Taco Boy

Taco (5076902674) (2)
Yesterday at the Seattle ferry terminal I grabbed what will be the last good fast food/restaurant food I will have for at least another month – a couple of Tacos from Taco Del Mar.  Don’t judge.  Living in rural Idaho has given me a new appreciation for … convenience.

The ferry was running late and the terminal was packed.  Crowds are not our kind of scene, but we were fortunate to grab a table and chairs just in time.  Sitting there, eating my dripping taco, a tiny little head and face appeared to my left, just over the table edge.  A little boy was staring at me, or rather, my taco.  It was sort of akin to those times you eat at a friend’s house, and their pet starts to beg.  Awkward, and uncomfortable.

I swallowed my bite and just stared right back at him.  He smirked a little and I smiled back.  His father then revealed himself to be the man sitting at the table next to M, along with presumably his mother and an older sibling who were totally disinterested with the whole thing.  His father called to him, ordering him to leave us alone and come back to their table.  This boy couldn’t have been more than three or four.  He wasn’t helpless (obviously) and also wasn’t talking.  Whether he could speak at all, I do not know.  One thing was certain – he completely ignored his dad, and if I didn’t have ears, I would never have known he was being called just to look at the little brat.

I say “brat.”  It’s not that this child was being extremely annoying.  He wasn’t grabbing at things that were not his or tossing his animal crackers at anyone.  He wasn’t screaming at the top of his lungs or repeating anyone’s words over and over again.  He was just being, independent.  It was soon after our staring contest that he traipsed over to the table next to me and his father got up and grabbed … not his hand … but his leash.

The little dude was wearing a leash.  And not the bungee cord type that expands and contracts, but a bonfire leather, sturdy, on a metal swivel do-hickey – leash.  It attached to a body harness he was wearing over his clothes.  And his dad pulled him back to their table and spoke to him as the little tyke looked neither hurt, angry, or amused.  In fact, he looked elsewhere as his dad spoke and in adult terms, totally blew him off.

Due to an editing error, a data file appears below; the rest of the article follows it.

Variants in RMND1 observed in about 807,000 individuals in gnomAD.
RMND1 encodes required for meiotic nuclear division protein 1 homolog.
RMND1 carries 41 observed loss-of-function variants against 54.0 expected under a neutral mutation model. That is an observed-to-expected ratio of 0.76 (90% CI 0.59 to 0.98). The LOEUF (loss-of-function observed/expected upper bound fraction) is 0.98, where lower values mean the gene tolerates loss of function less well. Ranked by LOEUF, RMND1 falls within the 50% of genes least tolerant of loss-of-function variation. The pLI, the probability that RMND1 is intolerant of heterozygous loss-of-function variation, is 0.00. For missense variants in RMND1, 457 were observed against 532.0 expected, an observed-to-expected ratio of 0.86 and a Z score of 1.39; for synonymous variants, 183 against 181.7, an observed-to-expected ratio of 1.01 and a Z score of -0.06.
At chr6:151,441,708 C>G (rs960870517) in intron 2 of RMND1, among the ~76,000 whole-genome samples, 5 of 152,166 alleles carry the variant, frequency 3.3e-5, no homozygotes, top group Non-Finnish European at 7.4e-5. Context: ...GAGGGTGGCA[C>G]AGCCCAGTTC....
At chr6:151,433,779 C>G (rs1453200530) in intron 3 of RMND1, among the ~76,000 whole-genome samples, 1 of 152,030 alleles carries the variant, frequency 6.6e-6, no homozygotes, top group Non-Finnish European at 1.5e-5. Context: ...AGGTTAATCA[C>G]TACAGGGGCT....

The boy attempted to part their company again shortly after his father’s diatribe.  His dad gave the leash a tug and he instinctively grabbed the leash out of his dad’s hand.  Strangely, dad let him have it, becoming to interested in something they were doing at the table.  So, with his leash in hand, the little boy proceeded to traipse around the tables and into the ferry terminal toward the door that lead to Seattle.  His father turned once and called to him, then turned around again.  It was so surreal.

I lost interest when his father got up and went after him at some point after.  I sometimes have to shift gears before what is in my head comes out in real life.

So I thought of a story that my better judgement declined before it hit the page.  It was about a child stealer who watches this whole scene, and easily whisks the boy away.  Later, when the boy is in a box with air holes in the back of a horse trailer headed for who knows where, the evil kidnapper says, “Bet you wish you’d listened to your pappy, huh!”  And the police take the family’s and the witness statements and call CPS.

My beta-reader told me recently I should be very cautious about killing a kid I have in my Malone story.  He said it would turn off any parent readers and make people angry.  I have to agree.  I feel the same way about this story.

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